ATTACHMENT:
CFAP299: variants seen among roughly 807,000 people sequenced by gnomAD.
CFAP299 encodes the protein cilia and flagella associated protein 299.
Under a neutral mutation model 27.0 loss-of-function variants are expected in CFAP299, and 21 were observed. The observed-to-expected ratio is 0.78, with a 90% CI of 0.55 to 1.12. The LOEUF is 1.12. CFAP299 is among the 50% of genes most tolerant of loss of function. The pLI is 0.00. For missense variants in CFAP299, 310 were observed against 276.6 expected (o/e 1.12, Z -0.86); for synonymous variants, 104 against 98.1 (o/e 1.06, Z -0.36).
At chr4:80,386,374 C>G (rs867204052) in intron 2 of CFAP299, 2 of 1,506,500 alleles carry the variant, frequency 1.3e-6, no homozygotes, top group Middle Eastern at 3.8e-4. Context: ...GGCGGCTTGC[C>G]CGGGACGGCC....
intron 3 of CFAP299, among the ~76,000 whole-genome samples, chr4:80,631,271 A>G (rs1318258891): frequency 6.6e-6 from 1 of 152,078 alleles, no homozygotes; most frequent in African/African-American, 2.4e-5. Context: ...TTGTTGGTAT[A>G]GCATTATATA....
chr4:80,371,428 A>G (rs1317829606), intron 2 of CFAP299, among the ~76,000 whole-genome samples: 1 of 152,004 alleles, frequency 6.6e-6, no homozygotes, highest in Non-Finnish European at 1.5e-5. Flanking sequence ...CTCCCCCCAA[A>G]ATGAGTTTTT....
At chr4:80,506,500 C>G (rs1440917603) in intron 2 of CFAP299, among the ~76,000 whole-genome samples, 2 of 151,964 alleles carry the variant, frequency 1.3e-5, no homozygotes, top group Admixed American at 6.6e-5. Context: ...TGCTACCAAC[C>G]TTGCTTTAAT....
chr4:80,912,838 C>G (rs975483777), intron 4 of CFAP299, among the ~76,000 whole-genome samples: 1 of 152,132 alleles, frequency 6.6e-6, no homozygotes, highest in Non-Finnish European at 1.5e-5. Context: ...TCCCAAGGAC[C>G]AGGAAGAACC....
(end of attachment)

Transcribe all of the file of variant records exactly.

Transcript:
CFAP299: variants seen among roughly 807,000 people sequenced by gnomAD.
CFAP299 encodes the protein cilia and flagella associated protein 299.
Under a neutral mutation model 27.0 loss-of-function variants are expected in CFAP299, and 21 were observed. The observed-to-expected ratio is 0.78, with a 90% CI of 0.55 to 1.12. The LOEUF is 1.12. CFAP299 is among the 50% of genes most tolerant of loss of function. The pLI is 0.00. For missense variants in CFAP299, 310 were observed against 276.6 expected (o/e 1.12, Z -0.86); for synonymous variants, 104 against 98.1 (o/e 1.06, Z -0.36).
At chr4:80,386,374 C>G (rs867204052) in intron 2 of CFAP299, 2 of 1,506,500 alleles carry the variant, frequency 1.3e-6, no homozygotes, top group Middle Eastern at 3.8e-4. Context: ...GGCGGCTTGC[C>G]CGGGACGGCC....
intron 3 of CFAP299, among the ~76,000 whole-genome samples, chr4:80,631,271 A>G (rs1318258891): frequency 6.6e-6 from 1 of 152,078 alleles, no homozygotes; most frequent in African/African-American, 2.4e-5. Context: ...TTGTTGGTAT[A>G]GCATTATATA....
chr4:80,371,428 A>G (rs1317829606), intron 2 of CFAP299, among the ~76,000 whole-genome samples: 1 of 152,004 alleles, frequency 6.6e-6, no homozygotes, highest in Non-Finnish European at 1.5e-5. Flanking sequence ...CTCCCCCCAA[A>G]ATGAGTTTTT....
At chr4:80,506,500 C>G (rs1440917603) in intron 2 of CFAP299, among the ~76,000 whole-genome samples, 2 of 151,964 alleles carry the variant, frequency 1.3e-5, no homozygotes, top group Admixed American at 6.6e-5. Context: ...TGCTACCAAC[C>G]TTGCTTTAAT....
chr4:80,912,838 C>G (rs975483777), intron 4 of CFAP299, among the ~76,000 whole-genome samples: 1 of 152,132 alleles, frequency 6.6e-6, no homozygotes, highest in Non-Finnish European at 1.5e-5. Context: ...TCCCAAGGAC[C>G]AGGAAGAACC....